When I got home, my mother was horrified that, one, I was in a fight and, two, that I was a girl in a fight at school. She was not happy and said to just wait until my father got home and he heard about this. I waited upstairs in my room, dreading his arrival. I heard him come in the back door, listened to the rumble of voices as my mother relayed what had happened that day. When I came downstairs sometime later, my father was in our family room, and I slowly made my way over to him, bracing myself for what was to come.
With the smallest of voice, I said, “Hi.” He looked up from his book and said, “I heard you got in a fight today.” I shook my head in assent. “Well, did you win?” he asked. I told him I didn’t think so, and that was that. Not another word.
My father was a man of few words, and I know he thought actions spoke louder than words. I learned a lot simply by watching him along with the things he felt it was important to teach me.
The last fall of his life, he came with my mom to my house and took a look at the washer that giving me issues. I was in a tight spot financially at the time, with a sick husband and four growing kids. He told me to pick out a new washer and dryer and let my mom know how much they cost – it would be a gift from them. Of course, he didn’t phrase it that way. I think it was something like, “Get yourself new ones and tell your mother the cost.” The gift was implied. Typical.
But then he walked around the basement looking at wiring and some of the pipes around the hot water tank and furnace. Some of the handles associated with the pipes weren’t in the right position, and he wondered who the hell had been touching them. He adjusted them and showed me exactly how they should be. Told me to keep an eye on them. There was some other advice, most of which I can’t recall now. That would be his last visit to my house.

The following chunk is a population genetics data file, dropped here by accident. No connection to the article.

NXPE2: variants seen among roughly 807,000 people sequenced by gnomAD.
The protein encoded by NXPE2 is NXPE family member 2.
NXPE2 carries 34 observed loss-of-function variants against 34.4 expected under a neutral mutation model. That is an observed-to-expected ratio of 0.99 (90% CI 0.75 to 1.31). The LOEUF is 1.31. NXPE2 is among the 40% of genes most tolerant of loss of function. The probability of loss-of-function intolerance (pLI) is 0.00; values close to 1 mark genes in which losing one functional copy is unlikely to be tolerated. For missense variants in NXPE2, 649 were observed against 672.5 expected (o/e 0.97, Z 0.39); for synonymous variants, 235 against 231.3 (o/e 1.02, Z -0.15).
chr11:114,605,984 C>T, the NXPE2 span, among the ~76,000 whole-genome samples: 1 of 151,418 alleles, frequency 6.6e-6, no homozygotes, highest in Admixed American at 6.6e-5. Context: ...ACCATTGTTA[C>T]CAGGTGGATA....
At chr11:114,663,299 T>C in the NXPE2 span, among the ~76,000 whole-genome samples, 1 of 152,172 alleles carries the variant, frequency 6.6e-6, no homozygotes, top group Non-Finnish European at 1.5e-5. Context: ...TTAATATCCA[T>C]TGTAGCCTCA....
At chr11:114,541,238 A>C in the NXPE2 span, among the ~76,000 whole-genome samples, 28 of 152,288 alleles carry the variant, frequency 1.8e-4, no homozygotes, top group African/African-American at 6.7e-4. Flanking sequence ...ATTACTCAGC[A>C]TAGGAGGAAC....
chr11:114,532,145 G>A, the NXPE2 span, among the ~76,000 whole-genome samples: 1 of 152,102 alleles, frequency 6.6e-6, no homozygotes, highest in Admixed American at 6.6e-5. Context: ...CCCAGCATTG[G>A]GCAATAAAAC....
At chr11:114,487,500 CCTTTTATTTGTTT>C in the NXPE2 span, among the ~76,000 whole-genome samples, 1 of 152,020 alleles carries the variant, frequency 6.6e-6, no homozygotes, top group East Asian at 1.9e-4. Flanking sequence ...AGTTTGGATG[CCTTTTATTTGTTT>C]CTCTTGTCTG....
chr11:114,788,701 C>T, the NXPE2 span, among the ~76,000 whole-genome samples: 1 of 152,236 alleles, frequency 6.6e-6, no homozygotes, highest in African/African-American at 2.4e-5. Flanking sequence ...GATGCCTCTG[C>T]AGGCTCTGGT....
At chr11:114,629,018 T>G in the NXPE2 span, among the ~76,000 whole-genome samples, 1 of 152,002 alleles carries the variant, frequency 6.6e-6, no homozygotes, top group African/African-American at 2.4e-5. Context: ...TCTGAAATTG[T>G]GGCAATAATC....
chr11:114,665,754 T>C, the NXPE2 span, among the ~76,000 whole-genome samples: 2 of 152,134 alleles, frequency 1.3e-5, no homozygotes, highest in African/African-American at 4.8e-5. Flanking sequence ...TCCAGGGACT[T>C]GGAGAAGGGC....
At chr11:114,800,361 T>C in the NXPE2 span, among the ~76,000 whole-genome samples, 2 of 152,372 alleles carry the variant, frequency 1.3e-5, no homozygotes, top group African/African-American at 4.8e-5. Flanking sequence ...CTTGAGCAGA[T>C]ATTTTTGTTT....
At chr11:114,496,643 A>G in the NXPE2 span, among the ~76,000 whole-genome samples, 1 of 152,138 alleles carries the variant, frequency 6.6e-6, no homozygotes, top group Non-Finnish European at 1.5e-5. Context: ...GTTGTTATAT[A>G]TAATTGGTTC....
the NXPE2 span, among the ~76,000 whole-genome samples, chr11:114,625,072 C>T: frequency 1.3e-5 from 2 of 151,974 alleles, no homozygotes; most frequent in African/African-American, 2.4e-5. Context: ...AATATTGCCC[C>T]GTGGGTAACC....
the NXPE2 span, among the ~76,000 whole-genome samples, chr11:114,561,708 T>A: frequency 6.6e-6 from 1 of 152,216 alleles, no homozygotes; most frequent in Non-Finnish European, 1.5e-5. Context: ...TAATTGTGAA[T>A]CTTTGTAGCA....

Not too long after, he had a seizure at his own home and was diagnosed within the day with a brain tumor. Five months later, he’d be gone.
I’ve often credited my mother with giving me the strength by example, for how I’ve overcome great challenges and being able to maintain a sense of humor as I did. She deserves that credit. She was a tough cookie throughout most of her life and still is pretty strong, even as she declines at 91.
My father, though, allowed me to believe that I was capable of anything. That I could fix broken things, take care of important stuff – my family, my home, my life, financial and legal matters, taxes and so much more – and that I was bright enough to figure things out, even when they seemed too complex to get a handle on.
This evening, on his birthday, I celebrated his memory with my mom. We raised a glass of Prosecco in his honor as we looked at one of our favorite pictures of my father. She told me she wrote on her calendar, “I love you, Fred,” today and had a little cry – and how much she misses him every day.
I do my best to honor him, to take care of my mom through her more challenging years, to take care of myself and my family, my home and my yard.
And while I’m still not much of a fan of yard work, I have come to love cutting the grass if only to embrace that incredible smell of a freshly mowed lawn. It takes me back to my childhood, and my father, in his cut-off jeans, often a bandana tied across his forehead to catch the sweat. He never wore a shirt when he cut the grass and maintained a reddish-brown tan all summer well into the fall as a result. That’s when I feel close to him, with grass clippings across my feet and sweat rolling down my face. I embrace the scent of the yard and somehow feel at peace.
Happy birthday, Daddy – I’ll always be grateful to have been your girl.